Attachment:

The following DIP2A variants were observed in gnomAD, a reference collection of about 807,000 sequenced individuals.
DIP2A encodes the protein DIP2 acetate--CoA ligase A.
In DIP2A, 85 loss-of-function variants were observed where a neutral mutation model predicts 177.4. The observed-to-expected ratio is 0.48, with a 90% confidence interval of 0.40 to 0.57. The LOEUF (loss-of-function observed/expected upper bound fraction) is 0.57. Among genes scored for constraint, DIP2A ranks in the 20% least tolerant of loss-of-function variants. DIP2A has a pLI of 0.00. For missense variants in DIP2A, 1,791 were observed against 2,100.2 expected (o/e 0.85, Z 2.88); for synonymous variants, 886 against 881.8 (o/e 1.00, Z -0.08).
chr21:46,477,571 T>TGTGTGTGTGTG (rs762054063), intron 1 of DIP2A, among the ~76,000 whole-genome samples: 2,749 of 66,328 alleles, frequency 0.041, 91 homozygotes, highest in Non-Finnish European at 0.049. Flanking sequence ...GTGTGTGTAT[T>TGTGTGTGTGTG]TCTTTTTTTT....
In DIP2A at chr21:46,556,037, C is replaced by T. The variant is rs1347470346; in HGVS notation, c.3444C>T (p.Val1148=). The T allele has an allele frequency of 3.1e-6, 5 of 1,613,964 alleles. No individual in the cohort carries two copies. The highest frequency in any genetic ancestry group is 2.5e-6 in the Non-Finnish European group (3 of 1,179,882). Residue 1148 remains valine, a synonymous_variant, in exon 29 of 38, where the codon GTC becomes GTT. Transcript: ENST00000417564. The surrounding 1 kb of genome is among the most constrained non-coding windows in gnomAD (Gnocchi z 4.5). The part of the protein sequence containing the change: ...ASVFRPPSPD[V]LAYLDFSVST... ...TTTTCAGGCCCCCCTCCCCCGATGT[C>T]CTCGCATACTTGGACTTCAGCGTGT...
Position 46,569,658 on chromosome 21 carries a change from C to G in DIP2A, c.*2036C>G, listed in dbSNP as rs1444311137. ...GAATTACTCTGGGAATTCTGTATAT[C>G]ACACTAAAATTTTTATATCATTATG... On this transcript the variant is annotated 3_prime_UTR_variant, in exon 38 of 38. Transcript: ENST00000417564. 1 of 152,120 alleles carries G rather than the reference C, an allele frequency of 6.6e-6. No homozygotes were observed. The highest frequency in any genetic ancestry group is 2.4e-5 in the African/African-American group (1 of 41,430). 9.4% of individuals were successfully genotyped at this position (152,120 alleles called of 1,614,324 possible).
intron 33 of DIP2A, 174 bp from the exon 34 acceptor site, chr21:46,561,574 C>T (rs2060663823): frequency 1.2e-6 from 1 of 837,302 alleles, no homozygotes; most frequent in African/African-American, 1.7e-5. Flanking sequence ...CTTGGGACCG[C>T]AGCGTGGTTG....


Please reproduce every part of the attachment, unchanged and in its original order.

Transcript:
The following DIP2A variants were observed in gnomAD, a reference collection of about 807,000 sequenced individuals.
DIP2A encodes the protein DIP2 acetate--CoA ligase A.
In DIP2A, 85 loss-of-function variants were observed where a neutral mutation model predicts 177.4. The observed-to-expected ratio is 0.48, with a 90% confidence interval of 0.40 to 0.57. The LOEUF (loss-of-function observed/expected upper bound fraction) is 0.57. Among genes scored for constraint, DIP2A ranks in the 20% least tolerant of loss-of-function variants. DIP2A has a pLI of 0.00. For missense variants in DIP2A, 1,791 were observed against 2,100.2 expected (o/e 0.85, Z 2.88); for synonymous variants, 886 against 881.8 (o/e 1.00, Z -0.08).
chr21:46,477,571 T>TGTGTGTGTGTG (rs762054063), intron 1 of DIP2A, among the ~76,000 whole-genome samples: 2,749 of 66,328 alleles, frequency 0.041, 91 homozygotes, highest in Non-Finnish European at 0.049. Flanking sequence ...GTGTGTGTAT[T>TGTGTGTGTGTG]TCTTTTTTTT....
In DIP2A at chr21:46,556,037, C is replaced by T. The variant is rs1347470346; in HGVS notation, c.3444C>T (p.Val1148=). The T allele has an allele frequency of 3.1e-6, 5 of 1,613,964 alleles. No individual in the cohort carries two copies. The highest frequency in any genetic ancestry group is 2.5e-6 in the Non-Finnish European group (3 of 1,179,882). Residue 1148 remains valine, a synonymous_variant, in exon 29 of 38, where the codon GTC becomes GTT. Transcript: ENST00000417564. The surrounding 1 kb of genome is among the most constrained non-coding windows in gnomAD (Gnocchi z 4.5). The part of the protein sequence containing the change: ...ASVFRPPSPD[V]LAYLDFSVST... ...TTTTCAGGCCCCCCTCCCCCGATGT[C>T]CTCGCATACTTGGACTTCAGCGTGT...
Position 46,569,658 on chromosome 21 carries a change from C to G in DIP2A, c.*2036C>G, listed in dbSNP as rs1444311137. ...GAATTACTCTGGGAATTCTGTATAT[C>G]ACACTAAAATTTTTATATCATTATG... On this transcript the variant is annotated 3_prime_UTR_variant, in exon 38 of 38. Transcript: ENST00000417564. 1 of 152,120 alleles carries G rather than the reference C, an allele frequency of 6.6e-6. No homozygotes were observed. The highest frequency in any genetic ancestry group is 2.4e-5 in the African/African-American group (1 of 41,430). 9.4% of individuals were successfully genotyped at this position (152,120 alleles called of 1,614,324 possible).
intron 33 of DIP2A, 174 bp from the exon 34 acceptor site, chr21:46,561,574 C>T (rs2060663823): frequency 1.2e-6 from 1 of 837,302 alleles, no homozygotes; most frequent in African/African-American, 1.7e-5. Flanking sequence ...CTTGGGACCG[C>T]AGCGTGGTTG....